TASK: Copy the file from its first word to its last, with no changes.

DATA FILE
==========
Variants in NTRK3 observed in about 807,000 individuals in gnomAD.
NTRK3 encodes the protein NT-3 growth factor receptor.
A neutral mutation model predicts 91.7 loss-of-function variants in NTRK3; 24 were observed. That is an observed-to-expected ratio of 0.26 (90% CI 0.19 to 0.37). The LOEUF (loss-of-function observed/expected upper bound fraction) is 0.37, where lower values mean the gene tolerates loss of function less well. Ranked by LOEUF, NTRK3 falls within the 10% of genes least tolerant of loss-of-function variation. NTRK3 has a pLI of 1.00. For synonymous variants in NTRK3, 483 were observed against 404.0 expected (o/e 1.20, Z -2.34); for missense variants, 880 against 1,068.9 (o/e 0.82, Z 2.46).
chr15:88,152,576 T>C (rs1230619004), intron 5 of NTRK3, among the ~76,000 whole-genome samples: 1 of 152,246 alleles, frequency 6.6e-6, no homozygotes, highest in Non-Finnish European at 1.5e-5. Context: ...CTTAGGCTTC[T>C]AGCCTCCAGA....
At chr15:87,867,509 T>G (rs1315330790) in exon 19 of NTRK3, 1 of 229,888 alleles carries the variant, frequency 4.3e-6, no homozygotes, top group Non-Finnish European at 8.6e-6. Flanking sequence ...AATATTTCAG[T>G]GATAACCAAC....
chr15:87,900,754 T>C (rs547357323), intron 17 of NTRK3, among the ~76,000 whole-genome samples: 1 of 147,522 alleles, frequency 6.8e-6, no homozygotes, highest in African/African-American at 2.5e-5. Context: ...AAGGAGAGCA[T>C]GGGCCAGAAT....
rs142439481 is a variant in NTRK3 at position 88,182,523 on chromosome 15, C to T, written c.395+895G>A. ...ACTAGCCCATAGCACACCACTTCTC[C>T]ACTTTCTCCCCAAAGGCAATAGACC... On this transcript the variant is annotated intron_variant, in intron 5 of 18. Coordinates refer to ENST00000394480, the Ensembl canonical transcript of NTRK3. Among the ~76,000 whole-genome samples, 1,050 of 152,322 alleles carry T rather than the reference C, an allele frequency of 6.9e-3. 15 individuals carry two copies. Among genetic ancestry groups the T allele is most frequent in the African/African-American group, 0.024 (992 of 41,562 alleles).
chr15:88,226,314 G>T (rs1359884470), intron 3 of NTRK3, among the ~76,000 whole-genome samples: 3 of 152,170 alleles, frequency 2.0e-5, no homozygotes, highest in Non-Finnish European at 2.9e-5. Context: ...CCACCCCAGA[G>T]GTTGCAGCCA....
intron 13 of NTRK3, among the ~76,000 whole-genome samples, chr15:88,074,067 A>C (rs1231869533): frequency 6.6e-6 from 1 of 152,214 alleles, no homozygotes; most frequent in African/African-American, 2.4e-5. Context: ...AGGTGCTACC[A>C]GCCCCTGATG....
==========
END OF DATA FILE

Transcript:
Variants in NTRK3 observed in about 807,000 individuals in gnomAD.
NTRK3 encodes the protein NT-3 growth factor receptor.
A neutral mutation model predicts 91.7 loss-of-function variants in NTRK3; 24 were observed. That is an observed-to-expected ratio of 0.26 (90% CI 0.19 to 0.37). The LOEUF (loss-of-function observed/expected upper bound fraction) is 0.37, where lower values mean the gene tolerates loss of function less well. Ranked by LOEUF, NTRK3 falls within the 10% of genes least tolerant of loss-of-function variation. NTRK3 has a pLI of 1.00. For synonymous variants in NTRK3, 483 were observed against 404.0 expected (o/e 1.20, Z -2.34); for missense variants, 880 against 1,068.9 (o/e 0.82, Z 2.46).
chr15:88,152,576 T>C (rs1230619004), intron 5 of NTRK3, among the ~76,000 whole-genome samples: 1 of 152,246 alleles, frequency 6.6e-6, no homozygotes, highest in Non-Finnish European at 1.5e-5. Context: ...CTTAGGCTTC[T>C]AGCCTCCAGA....
At chr15:87,867,509 T>G (rs1315330790) in exon 19 of NTRK3, 1 of 229,888 alleles carries the variant, frequency 4.3e-6, no homozygotes, top group Non-Finnish European at 8.6e-6. Flanking sequence ...AATATTTCAG[T>G]GATAACCAAC....
chr15:87,900,754 T>C (rs547357323), intron 17 of NTRK3, among the ~76,000 whole-genome samples: 1 of 147,522 alleles, frequency 6.8e-6, no homozygotes, highest in African/African-American at 2.5e-5. Context: ...AAGGAGAGCA[T>C]GGGCCAGAAT....
rs142439481 is a variant in NTRK3 at position 88,182,523 on chromosome 15, C to T, written c.395+895G>A. ...ACTAGCCCATAGCACACCACTTCTC[C>T]ACTTTCTCCCCAAAGGCAATAGACC... On this transcript the variant is annotated intron_variant, in intron 5 of 18. Coordinates refer to ENST00000394480, the Ensembl canonical transcript of NTRK3. Among the ~76,000 whole-genome samples, 1,050 of 152,322 alleles carry T rather than the reference C, an allele frequency of 6.9e-3. 15 individuals carry two copies. Among genetic ancestry groups the T allele is most frequent in the African/African-American group, 0.024 (992 of 41,562 alleles).
chr15:88,226,314 G>T (rs1359884470), intron 3 of NTRK3, among the ~76,000 whole-genome samples: 3 of 152,170 alleles, frequency 2.0e-5, no homozygotes, highest in Non-Finnish European at 2.9e-5. Context: ...CCACCCCAGA[G>T]GTTGCAGCCA....
intron 13 of NTRK3, among the ~76,000 whole-genome samples, chr15:88,074,067 A>C (rs1231869533): frequency 6.6e-6 from 1 of 152,214 alleles, no homozygotes; most frequent in African/African-American, 2.4e-5. Context: ...AGGTGCTACC[A>C]GCCCCTGATG....